Creating New Worlds: Circus Arts for ASD Students at the Alabama Waldorf School in Birmingham by Cynthia Mwenja
Circus arts equipment forms a riot of color in the space: stilts of various heights, ribbon sticks, yoga balls, hula hoops, rola bolas, and juggling balls. Nearby, a balance beam, small trampoline, seesaw, and tumbling mat are also ready for action. While the setting may be typical for a circus arts class, the students and program are not: the students have all been diagnosed with Autism Spectrum Disorder (ASD).
The founder of this innovative program, Jennifer Cripps, holds a Spatial Dynamics Level One Certification and has taught movement for the last ten years at the Alabama Waldorf School (AWS). She includes circus arts as a large part of her third grade curriculum. As a result of her training, Cripps became interested in the curative aspects of movement education and began to explore the idea of offering a therapeutic program at AWS. Local autism educator Renee Plata was asked be a consultant for the project. Plata is founder and Director of Puzzle Piece, an organization offering therapeutic services, classes, summer camp and structured skills and play groups for children with ASD and other developmental disorders. Her program uses the Greenspan floor time model to work with cognitive training for the autistic community.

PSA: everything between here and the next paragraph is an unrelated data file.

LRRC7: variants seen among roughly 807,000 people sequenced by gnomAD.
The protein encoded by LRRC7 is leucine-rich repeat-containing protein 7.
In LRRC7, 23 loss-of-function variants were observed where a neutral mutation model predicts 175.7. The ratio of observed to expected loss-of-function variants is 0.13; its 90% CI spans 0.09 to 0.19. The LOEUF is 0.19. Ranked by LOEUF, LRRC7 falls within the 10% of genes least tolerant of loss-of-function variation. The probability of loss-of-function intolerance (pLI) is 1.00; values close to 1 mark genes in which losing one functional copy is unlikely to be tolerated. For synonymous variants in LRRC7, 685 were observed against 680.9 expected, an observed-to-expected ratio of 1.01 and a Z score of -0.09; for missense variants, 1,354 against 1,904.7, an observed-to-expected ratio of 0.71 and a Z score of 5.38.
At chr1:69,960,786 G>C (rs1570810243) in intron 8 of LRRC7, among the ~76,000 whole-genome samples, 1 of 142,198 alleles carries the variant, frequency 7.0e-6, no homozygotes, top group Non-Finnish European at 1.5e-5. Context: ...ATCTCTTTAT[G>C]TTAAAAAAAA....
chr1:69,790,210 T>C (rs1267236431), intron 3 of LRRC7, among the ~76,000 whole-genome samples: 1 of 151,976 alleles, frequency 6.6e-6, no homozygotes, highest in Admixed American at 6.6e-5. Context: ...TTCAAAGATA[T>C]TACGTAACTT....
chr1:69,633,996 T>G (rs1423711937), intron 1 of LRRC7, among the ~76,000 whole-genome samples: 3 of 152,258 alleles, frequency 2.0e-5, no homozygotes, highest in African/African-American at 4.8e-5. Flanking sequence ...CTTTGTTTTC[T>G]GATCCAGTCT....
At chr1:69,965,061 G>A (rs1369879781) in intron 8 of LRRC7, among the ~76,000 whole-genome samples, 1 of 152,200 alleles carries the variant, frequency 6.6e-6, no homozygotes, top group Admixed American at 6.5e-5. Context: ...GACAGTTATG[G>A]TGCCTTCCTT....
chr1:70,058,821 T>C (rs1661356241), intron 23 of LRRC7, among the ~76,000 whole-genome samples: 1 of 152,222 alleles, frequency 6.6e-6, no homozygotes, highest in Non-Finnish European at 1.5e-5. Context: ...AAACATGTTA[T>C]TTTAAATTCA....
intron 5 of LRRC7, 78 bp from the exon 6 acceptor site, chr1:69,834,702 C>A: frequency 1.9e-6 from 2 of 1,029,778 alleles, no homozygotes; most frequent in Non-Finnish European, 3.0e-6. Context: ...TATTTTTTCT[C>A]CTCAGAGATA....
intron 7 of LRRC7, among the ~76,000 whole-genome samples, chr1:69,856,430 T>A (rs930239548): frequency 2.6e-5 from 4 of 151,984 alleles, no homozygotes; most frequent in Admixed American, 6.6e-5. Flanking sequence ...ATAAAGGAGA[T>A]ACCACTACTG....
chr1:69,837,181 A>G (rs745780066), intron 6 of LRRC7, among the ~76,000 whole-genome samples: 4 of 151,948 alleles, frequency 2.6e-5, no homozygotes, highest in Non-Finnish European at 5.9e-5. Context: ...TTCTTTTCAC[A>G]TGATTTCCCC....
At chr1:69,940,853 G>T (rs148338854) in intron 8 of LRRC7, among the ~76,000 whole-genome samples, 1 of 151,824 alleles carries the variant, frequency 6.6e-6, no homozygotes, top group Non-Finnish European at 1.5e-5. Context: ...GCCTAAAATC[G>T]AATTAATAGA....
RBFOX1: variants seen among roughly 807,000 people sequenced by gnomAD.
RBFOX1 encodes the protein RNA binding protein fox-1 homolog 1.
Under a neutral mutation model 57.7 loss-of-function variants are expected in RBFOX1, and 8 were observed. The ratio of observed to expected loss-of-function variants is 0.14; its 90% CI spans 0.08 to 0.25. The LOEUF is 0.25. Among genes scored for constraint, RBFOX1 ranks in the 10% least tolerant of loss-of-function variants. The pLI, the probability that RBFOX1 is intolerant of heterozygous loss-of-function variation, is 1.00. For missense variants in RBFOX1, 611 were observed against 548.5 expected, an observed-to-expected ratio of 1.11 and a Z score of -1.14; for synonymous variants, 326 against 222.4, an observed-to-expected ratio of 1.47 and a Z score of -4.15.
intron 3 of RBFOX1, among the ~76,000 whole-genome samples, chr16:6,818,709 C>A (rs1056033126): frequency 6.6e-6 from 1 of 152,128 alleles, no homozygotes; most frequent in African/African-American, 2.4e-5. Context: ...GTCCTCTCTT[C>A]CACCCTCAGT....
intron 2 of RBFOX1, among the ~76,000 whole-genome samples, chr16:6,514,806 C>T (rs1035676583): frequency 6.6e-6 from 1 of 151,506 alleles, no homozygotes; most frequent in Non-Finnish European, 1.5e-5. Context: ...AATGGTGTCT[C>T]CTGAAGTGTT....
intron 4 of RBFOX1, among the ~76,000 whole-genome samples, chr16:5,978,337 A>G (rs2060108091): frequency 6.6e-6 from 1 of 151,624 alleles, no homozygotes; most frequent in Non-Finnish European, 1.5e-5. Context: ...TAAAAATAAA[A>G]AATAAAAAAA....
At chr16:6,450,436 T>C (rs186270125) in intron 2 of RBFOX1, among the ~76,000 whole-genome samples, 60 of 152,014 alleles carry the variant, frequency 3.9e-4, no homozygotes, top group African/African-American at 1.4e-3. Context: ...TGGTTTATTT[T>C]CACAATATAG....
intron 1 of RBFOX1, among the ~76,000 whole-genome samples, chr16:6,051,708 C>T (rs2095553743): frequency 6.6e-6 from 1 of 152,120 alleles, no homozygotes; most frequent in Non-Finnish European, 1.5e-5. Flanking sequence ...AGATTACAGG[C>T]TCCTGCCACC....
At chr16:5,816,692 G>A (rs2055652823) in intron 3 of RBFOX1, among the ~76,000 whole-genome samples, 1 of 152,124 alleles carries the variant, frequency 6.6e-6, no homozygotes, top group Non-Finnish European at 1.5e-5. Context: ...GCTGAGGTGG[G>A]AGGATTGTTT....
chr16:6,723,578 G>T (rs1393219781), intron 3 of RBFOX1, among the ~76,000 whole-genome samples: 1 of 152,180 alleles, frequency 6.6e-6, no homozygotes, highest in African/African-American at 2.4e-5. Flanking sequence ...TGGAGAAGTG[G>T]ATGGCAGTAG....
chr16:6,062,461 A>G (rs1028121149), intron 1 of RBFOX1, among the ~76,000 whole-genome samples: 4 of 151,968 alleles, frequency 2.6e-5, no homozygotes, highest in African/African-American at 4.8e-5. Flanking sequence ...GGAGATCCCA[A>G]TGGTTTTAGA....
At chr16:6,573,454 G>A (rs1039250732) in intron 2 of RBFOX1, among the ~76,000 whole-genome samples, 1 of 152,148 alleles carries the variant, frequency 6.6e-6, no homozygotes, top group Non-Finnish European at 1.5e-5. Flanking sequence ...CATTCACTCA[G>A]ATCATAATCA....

Cripps and Plata began to search for ways they could work together. Out of their dialogue emerged a unique model which uses Waldorf students as peer mentors in ASD circus arts classes at Puzzle Piece. This model allows ASD children who often have little interaction with their age-mates to work and communicate with neuro-typical peers. It gives their young mentors experience as leaders and a chance to get to know ASD kids as individuals. The children generally work together once a week; depending upon their abilities, Cripps may schedule no more than two or three ASD students with two or three mentors. Even that small number can be overwhelming for some ASD children, so “sometimes it’s just me, an ASD student, and a peer mentor – one on one on one,” Cripps says.